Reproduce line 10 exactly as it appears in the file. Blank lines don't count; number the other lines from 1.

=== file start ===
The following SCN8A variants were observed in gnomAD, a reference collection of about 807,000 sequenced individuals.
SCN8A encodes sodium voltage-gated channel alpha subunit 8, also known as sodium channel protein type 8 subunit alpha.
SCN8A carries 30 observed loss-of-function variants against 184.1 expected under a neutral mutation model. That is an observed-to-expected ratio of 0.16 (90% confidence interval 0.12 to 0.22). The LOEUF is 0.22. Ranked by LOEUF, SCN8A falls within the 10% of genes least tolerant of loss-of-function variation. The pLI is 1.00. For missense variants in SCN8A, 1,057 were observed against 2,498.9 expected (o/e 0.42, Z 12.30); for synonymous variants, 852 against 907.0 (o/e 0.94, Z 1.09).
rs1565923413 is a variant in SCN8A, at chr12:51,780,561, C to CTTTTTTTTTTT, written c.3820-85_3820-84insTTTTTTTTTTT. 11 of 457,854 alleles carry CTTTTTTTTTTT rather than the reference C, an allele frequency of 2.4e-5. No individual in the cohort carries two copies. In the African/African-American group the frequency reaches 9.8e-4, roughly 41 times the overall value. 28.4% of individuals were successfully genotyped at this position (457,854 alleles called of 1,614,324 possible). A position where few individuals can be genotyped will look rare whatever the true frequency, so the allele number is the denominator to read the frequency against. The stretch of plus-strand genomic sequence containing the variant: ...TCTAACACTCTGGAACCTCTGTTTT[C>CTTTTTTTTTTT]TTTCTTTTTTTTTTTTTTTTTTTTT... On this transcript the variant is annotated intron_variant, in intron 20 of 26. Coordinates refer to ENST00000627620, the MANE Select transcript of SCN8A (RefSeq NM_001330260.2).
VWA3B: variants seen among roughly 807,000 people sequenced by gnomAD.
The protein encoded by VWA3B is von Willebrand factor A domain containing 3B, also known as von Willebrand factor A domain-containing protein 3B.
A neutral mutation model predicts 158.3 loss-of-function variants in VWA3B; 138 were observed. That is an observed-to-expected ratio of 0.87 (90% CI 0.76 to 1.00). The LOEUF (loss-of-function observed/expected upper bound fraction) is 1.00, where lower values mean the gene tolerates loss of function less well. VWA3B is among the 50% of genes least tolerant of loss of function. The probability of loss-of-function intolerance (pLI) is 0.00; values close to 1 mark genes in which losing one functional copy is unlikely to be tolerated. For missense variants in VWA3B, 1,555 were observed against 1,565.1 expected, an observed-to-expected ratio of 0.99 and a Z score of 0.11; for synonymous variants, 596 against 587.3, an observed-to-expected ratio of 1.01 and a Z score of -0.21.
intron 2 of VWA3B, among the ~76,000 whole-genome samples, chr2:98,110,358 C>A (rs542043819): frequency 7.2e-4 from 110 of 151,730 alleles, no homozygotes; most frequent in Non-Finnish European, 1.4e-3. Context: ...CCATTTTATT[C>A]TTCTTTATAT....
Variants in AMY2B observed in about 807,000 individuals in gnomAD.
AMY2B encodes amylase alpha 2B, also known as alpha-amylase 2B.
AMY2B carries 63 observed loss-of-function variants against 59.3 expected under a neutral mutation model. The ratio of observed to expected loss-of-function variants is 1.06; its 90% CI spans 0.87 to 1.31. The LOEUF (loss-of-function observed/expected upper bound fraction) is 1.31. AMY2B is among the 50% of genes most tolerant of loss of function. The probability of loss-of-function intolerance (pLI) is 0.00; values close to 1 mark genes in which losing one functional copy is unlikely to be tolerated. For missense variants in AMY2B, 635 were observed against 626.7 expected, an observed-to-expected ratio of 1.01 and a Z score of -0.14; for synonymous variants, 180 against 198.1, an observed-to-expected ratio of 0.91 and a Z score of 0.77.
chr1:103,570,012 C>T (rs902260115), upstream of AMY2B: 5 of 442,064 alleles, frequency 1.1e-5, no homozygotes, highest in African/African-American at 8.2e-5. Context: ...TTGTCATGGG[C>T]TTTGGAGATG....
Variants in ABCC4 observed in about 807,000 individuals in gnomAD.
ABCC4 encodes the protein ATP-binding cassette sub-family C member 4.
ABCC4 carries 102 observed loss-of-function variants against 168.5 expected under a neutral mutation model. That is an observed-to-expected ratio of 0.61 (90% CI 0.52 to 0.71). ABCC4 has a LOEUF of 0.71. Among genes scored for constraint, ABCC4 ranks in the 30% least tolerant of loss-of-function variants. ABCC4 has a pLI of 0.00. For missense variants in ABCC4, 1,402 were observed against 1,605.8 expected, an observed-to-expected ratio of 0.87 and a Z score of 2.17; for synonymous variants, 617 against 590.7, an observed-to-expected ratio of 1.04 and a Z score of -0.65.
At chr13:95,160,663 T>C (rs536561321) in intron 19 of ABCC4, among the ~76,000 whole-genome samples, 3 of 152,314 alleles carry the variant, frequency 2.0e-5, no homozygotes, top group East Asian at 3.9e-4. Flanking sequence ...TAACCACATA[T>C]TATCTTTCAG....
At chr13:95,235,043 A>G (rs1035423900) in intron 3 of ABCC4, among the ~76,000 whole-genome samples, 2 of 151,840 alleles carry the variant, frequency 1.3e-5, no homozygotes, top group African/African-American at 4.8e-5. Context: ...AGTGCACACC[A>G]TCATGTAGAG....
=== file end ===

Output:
AMY2B encodes amylase alpha 2B, also known as alpha-amylase 2B.